*The Architect presses a button on a pen that he is holding, and images of people from developers all over Microsoft appear on the monitors*
The Architect - It is interesting reading your reactions. Your 6,823 predecessors were by design based on a similar predication, a contingent affirmation that was meant to create a profound attachment to your customers, facilitating the function of the Technical Leads. While the others experienced this in a very general way, your experience is far more specific. Vis-a-vis the feature you are so fond of, collation.
*Images of Ballmer fighting a faceless black suited person from Boca-Raton appear on the monitors*
Michael - Ballmer.
The Architect - Apropos, he entered the Microsoft campus to save your job at the cost of yet another re-organization.
Michael - No!
The Architect - Which brings us at last to the moment of truth, wherein the fundamental flaw is ultimately expressed, and the anomaly revealed as both beginning, and end. There are two doors. The door to your right leads to the source, and back to Microsoft. The door to the left leads also back to Microsoft. As you adequately put, the problem is not choice, it is upgrades -- because customers simply want them, whether they claim to want them or not. But the re-organization happens either way, and the changing nature of the org keeps you invested in the process, of building the features that customers want. We already know what you're going to do, don't we? Already I can see the chain reaction, the chemical precursors that signal the onset of emotion, designed specifically to overwhelm logic, and reason. An emotion that is already blinding you from the simple, and obvious truth: there is no difference which door you go through -- you may still be doing a different job after the re-org. And the illusion of choice on your part drives you keep writing features. and so customers keep upgrading.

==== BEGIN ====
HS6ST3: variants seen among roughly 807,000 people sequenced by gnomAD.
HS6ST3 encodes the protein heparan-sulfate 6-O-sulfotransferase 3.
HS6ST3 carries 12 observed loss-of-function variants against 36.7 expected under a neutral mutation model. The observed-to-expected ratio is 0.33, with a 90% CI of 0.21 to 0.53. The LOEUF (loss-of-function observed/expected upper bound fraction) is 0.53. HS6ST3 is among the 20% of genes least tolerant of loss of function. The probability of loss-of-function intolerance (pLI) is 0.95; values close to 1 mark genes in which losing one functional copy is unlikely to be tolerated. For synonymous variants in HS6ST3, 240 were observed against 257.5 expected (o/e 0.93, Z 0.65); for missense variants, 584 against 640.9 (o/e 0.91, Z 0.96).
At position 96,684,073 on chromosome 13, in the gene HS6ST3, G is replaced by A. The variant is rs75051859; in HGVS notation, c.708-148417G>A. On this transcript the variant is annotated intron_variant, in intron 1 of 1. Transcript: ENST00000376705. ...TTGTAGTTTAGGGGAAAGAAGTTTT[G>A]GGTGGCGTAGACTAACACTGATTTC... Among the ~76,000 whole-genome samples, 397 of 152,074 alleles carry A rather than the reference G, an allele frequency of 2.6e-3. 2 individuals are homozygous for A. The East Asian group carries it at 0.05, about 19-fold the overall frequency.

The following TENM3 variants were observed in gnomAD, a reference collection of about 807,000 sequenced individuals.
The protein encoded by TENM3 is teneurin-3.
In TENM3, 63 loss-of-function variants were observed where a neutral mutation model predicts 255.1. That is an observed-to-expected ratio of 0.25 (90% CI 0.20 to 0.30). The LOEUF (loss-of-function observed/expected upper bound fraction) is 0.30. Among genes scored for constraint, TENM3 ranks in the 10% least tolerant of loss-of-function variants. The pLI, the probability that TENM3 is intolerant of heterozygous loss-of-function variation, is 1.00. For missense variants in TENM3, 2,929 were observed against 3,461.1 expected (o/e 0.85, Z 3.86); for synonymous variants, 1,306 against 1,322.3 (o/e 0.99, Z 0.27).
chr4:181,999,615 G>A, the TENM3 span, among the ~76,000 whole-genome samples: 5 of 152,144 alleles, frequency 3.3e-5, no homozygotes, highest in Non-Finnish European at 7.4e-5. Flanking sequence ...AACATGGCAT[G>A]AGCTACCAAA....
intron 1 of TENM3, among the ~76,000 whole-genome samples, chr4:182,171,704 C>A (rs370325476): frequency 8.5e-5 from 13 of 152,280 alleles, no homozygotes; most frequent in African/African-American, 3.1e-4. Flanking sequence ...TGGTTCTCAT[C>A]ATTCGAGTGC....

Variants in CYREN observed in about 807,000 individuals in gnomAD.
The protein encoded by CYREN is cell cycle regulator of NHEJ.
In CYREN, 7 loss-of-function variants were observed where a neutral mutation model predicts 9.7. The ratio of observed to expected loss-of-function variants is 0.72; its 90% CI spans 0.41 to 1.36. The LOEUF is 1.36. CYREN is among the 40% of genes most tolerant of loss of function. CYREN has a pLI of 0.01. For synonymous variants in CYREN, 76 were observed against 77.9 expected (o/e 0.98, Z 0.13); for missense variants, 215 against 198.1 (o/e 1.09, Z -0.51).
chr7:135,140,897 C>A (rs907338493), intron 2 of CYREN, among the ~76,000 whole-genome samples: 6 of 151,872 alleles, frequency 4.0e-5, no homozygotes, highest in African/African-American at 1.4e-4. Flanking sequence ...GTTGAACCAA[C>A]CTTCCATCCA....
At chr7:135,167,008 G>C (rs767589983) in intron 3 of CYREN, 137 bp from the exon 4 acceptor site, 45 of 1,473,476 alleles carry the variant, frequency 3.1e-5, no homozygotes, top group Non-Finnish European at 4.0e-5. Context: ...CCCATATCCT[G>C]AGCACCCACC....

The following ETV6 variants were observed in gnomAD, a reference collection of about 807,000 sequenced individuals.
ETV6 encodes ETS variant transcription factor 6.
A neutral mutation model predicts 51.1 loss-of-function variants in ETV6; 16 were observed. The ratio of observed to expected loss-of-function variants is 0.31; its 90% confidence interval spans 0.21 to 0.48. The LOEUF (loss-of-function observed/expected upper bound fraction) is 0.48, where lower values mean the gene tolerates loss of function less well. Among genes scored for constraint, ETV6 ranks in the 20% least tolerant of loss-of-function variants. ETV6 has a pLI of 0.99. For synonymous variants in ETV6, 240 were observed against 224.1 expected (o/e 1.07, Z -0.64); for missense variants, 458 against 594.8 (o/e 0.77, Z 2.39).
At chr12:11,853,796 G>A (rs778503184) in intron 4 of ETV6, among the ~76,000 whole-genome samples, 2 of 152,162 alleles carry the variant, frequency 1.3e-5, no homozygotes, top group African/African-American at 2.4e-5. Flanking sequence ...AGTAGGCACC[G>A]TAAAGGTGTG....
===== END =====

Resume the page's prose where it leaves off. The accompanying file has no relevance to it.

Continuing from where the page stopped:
*Michael walks to the door on his left*
The Architect - Humph. Hope, it is the quintessential Technical Lead's (and developer's) delusion, simultaneously the source of your greatest strength, and your greatest weakness.
Michael - If I were you, I'd realize that all the "choice/re-org" stuff does not make very much sense.
The Architect - It doesn't.
So, the reset happened, and there have been a bunch of smaller re-orgs since then, and everyone is still here. The illusion of the Microsoft Matrix with its ever shifting re-orgs and changes is still going strong, and we manage to do a lot of really interesting and impressive work here. And customers still want to upgrade and get the latest thing....
The Unciode code points all voted and decided I was quite a character to write this piece.
# Sriram on 3 May 2005 12:33 AM:
# Sriram on 3 May 2005 12:45 AM:
# Stan on 3 May 2005 1:10 AM:
# Gert Van Gool on 3 May 2005 2:08 AM:
# bg on 3 May 2005 2:40 AM:
# Michael S. Kaplan on 3 May 2005 10:00 AM:
# Mike on 3 May 2005 11:14 AM:
# Ajay on 3 May 2005 11:48 PM:
# Michael S. Kaplan on 4 May 2005 12:12 AM:
# boxsurat on 4 May 2005 2:18 AM:
# CN on 4 May 2005 4:38 AM:
# Abraham Mathew on 4 May 2005 5:20 AM:
2005/05/20 We're hiring!